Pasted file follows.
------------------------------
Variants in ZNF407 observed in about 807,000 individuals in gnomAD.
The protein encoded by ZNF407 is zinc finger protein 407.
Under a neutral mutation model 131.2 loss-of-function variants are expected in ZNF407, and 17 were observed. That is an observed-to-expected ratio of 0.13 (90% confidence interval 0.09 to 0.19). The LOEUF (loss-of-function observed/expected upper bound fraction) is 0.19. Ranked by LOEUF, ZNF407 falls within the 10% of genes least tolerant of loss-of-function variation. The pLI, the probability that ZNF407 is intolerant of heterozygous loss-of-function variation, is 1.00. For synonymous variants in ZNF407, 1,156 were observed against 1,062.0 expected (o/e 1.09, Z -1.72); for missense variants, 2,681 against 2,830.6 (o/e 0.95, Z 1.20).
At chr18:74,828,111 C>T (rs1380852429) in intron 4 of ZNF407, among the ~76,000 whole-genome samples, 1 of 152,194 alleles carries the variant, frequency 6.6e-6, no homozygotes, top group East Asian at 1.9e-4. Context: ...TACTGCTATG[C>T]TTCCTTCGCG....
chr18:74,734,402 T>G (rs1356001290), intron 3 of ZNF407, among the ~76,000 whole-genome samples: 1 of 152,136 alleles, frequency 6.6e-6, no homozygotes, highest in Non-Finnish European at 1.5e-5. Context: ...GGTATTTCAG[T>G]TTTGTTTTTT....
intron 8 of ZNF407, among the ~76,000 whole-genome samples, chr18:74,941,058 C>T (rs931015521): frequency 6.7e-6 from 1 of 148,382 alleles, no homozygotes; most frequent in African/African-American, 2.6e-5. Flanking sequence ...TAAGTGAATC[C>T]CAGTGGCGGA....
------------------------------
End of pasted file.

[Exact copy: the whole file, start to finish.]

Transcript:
Variants in ZNF407 observed in about 807,000 individuals in gnomAD.
The protein encoded by ZNF407 is zinc finger protein 407.
Under a neutral mutation model 131.2 loss-of-function variants are expected in ZNF407, and 17 were observed. That is an observed-to-expected ratio of 0.13 (90% confidence interval 0.09 to 0.19). The LOEUF (loss-of-function observed/expected upper bound fraction) is 0.19. Ranked by LOEUF, ZNF407 falls within the 10% of genes least tolerant of loss-of-function variation. The pLI, the probability that ZNF407 is intolerant of heterozygous loss-of-function variation, is 1.00. For synonymous variants in ZNF407, 1,156 were observed against 1,062.0 expected (o/e 1.09, Z -1.72); for missense variants, 2,681 against 2,830.6 (o/e 0.95, Z 1.20).
At chr18:74,828,111 C>T (rs1380852429) in intron 4 of ZNF407, among the ~76,000 whole-genome samples, 1 of 152,194 alleles carries the variant, frequency 6.6e-6, no homozygotes, top group East Asian at 1.9e-4. Context: ...TACTGCTATG[C>T]TTCCTTCGCG....
chr18:74,734,402 T>G (rs1356001290), intron 3 of ZNF407, among the ~76,000 whole-genome samples: 1 of 152,136 alleles, frequency 6.6e-6, no homozygotes, highest in Non-Finnish European at 1.5e-5. Context: ...GGTATTTCAG[T>G]TTTGTTTTTT....
intron 8 of ZNF407, among the ~76,000 whole-genome samples, chr18:74,941,058 C>T (rs931015521): frequency 6.7e-6 from 1 of 148,382 alleles, no homozygotes; most frequent in African/African-American, 2.6e-5. Flanking sequence ...TAAGTGAATC[C>T]CAGTGGCGGA....